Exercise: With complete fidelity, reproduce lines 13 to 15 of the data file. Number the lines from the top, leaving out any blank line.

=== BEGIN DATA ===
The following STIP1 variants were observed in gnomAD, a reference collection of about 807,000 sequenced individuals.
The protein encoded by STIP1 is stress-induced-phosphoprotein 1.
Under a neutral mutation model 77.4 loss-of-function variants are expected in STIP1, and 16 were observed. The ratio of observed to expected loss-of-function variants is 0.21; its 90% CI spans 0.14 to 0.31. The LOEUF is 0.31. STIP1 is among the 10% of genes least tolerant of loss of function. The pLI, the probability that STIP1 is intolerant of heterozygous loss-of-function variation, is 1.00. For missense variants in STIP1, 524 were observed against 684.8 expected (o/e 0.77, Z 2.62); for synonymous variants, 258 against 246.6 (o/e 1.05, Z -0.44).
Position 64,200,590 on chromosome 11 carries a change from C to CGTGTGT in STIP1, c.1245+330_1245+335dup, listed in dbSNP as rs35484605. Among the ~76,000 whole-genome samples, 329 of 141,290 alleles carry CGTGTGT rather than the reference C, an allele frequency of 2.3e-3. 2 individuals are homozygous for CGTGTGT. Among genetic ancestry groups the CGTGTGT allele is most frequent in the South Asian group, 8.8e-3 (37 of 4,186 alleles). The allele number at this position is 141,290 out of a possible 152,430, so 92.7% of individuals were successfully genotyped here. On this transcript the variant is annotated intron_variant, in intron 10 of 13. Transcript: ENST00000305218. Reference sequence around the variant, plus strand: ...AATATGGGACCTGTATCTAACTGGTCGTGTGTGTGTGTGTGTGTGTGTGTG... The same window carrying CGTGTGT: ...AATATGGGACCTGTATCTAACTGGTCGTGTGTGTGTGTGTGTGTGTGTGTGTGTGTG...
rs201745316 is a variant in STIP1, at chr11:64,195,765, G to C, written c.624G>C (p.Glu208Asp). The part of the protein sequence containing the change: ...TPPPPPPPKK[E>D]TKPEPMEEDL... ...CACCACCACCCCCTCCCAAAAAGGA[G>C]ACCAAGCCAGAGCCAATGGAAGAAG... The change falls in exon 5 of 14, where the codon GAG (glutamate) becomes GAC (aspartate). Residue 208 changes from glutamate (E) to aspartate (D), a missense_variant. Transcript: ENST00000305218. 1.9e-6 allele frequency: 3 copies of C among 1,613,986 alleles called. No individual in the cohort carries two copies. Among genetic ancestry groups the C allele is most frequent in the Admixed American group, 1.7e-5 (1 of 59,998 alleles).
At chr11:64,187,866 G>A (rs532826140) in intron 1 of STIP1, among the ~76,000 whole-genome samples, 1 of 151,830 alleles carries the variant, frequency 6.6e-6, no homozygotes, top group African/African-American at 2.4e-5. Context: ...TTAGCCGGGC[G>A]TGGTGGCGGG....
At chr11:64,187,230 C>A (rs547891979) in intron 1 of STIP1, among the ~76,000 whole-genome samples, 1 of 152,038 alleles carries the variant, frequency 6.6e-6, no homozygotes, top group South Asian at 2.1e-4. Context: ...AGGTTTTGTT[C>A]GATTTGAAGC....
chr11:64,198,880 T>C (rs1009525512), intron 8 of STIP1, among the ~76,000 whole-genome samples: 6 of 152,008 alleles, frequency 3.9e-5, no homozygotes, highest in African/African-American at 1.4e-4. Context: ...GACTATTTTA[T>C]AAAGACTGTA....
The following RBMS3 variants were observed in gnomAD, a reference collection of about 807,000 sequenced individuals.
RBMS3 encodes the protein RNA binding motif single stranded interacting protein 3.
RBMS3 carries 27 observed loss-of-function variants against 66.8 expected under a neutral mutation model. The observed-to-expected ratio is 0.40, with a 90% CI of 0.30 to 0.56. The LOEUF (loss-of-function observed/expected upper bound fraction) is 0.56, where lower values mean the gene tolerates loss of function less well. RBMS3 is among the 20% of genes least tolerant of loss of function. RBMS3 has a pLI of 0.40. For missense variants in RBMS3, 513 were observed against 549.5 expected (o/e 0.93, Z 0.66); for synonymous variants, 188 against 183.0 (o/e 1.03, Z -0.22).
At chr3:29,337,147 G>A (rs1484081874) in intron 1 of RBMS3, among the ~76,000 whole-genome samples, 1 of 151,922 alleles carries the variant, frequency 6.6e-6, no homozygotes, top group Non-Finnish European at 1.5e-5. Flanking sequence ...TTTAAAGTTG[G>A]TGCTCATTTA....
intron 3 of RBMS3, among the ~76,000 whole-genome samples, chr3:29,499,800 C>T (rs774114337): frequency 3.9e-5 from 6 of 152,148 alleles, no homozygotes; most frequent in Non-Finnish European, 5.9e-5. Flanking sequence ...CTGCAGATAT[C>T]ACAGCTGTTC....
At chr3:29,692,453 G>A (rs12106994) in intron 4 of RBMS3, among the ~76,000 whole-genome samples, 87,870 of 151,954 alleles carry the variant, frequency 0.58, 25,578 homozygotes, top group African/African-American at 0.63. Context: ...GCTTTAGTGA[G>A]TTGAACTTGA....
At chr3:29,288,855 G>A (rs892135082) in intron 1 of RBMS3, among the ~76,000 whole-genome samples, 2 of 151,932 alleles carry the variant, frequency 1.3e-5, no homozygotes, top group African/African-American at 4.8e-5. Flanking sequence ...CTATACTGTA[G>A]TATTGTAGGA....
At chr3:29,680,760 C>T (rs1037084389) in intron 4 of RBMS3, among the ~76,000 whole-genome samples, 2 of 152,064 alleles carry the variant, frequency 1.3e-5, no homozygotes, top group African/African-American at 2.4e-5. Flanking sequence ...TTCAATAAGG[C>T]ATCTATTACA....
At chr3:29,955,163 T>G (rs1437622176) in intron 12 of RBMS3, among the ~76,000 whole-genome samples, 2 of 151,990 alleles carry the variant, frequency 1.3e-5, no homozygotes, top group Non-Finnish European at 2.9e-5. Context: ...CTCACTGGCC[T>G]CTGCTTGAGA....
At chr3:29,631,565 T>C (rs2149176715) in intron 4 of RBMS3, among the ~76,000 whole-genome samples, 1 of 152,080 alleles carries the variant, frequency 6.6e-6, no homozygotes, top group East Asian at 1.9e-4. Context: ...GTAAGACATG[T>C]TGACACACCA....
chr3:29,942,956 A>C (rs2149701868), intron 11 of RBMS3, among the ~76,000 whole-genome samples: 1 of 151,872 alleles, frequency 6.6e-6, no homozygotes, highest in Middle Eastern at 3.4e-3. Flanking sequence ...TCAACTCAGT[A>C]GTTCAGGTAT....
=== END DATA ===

intron 3 of RBMS3, among the ~76,000 whole-genome samples, chr3:29,499,800 C>T (rs774114337): frequency 3.9e-5 from 6 of 152,148 alleles, no homozygotes; most frequent in Non-Finnish European, 5.9e-5. Flanking sequence ...CTGCAGATAT[C>T]ACAGCTGTTC....
At chr3:29,692,453 G>A (rs12106994) in intron 4 of RBMS3, among the ~76,000 whole-genome samples, 87,870 of 151,954 alleles carry the variant, frequency 0.58, 25,578 homozygotes, top group African/African-American at 0.63. Context: ...GCTTTAGTGA[G>A]TTGAACTTGA....
At chr3:29,288,855 G>A (rs892135082) in intron 1 of RBMS3, among the ~76,000 whole-genome samples, 2 of 151,932 alleles carry the variant, frequency 1.3e-5, no homozygotes, top group African/African-American at 4.8e-5. Flanking sequence ...CTATACTGTA[G>A]TATTGTAGGA....